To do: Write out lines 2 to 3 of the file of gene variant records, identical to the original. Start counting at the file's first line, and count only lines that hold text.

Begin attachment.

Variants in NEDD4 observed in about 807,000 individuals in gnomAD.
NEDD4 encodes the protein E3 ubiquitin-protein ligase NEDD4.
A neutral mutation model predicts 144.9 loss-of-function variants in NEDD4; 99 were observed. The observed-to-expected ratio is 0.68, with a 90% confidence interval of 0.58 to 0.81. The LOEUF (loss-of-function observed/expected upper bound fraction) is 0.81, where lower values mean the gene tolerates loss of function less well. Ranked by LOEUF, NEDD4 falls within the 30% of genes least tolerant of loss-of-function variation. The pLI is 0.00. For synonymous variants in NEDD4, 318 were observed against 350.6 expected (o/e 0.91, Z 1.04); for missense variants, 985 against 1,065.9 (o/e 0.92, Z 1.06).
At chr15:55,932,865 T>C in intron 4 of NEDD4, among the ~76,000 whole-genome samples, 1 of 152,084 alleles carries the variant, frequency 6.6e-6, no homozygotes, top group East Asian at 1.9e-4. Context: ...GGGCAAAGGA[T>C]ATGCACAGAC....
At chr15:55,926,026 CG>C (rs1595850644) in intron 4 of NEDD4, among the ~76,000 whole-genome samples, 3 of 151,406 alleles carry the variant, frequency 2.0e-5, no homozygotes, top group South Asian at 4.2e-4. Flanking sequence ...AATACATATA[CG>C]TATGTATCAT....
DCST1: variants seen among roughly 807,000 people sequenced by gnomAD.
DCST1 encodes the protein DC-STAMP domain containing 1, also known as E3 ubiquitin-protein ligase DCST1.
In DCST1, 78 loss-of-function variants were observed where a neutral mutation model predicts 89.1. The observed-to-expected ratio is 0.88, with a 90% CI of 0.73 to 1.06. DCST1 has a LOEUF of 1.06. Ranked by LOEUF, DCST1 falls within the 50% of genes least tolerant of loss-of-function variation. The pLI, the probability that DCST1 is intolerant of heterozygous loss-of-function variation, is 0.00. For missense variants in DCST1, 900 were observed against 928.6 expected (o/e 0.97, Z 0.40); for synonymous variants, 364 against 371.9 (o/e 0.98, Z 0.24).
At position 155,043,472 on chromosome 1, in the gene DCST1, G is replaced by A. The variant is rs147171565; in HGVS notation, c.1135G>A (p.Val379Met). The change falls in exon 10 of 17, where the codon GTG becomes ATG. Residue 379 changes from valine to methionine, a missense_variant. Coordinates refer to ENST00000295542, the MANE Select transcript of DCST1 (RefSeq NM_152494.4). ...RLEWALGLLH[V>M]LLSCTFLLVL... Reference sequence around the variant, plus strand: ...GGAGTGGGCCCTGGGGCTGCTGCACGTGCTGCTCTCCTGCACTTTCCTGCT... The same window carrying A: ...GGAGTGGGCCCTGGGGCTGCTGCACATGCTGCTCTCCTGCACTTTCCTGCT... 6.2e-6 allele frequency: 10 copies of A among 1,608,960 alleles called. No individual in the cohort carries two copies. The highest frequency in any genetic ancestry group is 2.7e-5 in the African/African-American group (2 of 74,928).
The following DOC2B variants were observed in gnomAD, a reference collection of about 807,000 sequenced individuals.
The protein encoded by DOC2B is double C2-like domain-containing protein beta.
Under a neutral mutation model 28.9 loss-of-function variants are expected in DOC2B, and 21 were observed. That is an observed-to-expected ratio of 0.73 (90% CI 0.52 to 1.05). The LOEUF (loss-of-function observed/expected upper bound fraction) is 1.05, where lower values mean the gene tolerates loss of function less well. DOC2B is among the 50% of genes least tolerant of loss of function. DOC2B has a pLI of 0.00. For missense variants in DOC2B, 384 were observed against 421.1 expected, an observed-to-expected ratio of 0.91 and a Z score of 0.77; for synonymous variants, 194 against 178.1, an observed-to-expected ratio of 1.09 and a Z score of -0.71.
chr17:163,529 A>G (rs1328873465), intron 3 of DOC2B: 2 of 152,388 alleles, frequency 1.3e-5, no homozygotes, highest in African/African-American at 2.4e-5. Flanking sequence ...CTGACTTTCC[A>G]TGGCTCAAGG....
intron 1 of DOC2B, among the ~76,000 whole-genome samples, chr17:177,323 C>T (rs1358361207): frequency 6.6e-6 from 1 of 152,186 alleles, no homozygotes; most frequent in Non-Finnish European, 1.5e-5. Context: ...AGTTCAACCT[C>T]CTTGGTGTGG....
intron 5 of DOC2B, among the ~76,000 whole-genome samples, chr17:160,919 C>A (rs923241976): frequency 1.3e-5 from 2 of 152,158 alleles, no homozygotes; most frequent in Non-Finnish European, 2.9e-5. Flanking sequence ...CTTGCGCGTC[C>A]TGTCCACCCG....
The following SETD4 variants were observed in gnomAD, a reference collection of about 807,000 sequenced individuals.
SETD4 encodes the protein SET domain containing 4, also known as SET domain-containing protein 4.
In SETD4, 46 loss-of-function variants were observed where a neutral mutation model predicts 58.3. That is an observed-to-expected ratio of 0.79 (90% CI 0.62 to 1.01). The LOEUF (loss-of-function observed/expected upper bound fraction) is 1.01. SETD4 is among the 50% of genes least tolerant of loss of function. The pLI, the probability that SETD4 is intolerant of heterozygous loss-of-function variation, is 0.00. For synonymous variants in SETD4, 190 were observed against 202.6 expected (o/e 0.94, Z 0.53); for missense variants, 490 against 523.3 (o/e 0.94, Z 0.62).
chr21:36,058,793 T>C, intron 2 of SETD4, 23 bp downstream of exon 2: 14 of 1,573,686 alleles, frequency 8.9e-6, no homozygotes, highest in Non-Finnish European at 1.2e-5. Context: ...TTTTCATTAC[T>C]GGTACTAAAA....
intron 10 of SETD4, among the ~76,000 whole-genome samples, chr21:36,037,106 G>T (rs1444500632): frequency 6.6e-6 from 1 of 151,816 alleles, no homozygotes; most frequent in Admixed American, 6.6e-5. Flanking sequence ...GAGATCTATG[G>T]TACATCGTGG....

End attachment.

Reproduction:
NEDD4 encodes the protein E3 ubiquitin-protein ligase NEDD4.
A neutral mutation model predicts 144.9 loss-of-function variants in NEDD4; 99 were observed. The observed-to-expected ratio is 0.68, with a 90% confidence interval of 0.58 to 0.81. The LOEUF (loss-of-function observed/expected upper bound fraction) is 0.81, where lower values mean the gene tolerates loss of function less well. Ranked by LOEUF, NEDD4 falls within the 30% of genes least tolerant of loss-of-function variation. The pLI is 0.00. For synonymous variants in NEDD4, 318 were observed against 350.6 expected (o/e 0.91, Z 1.04); for missense variants, 985 against 1,065.9 (o/e 0.92, Z 1.06).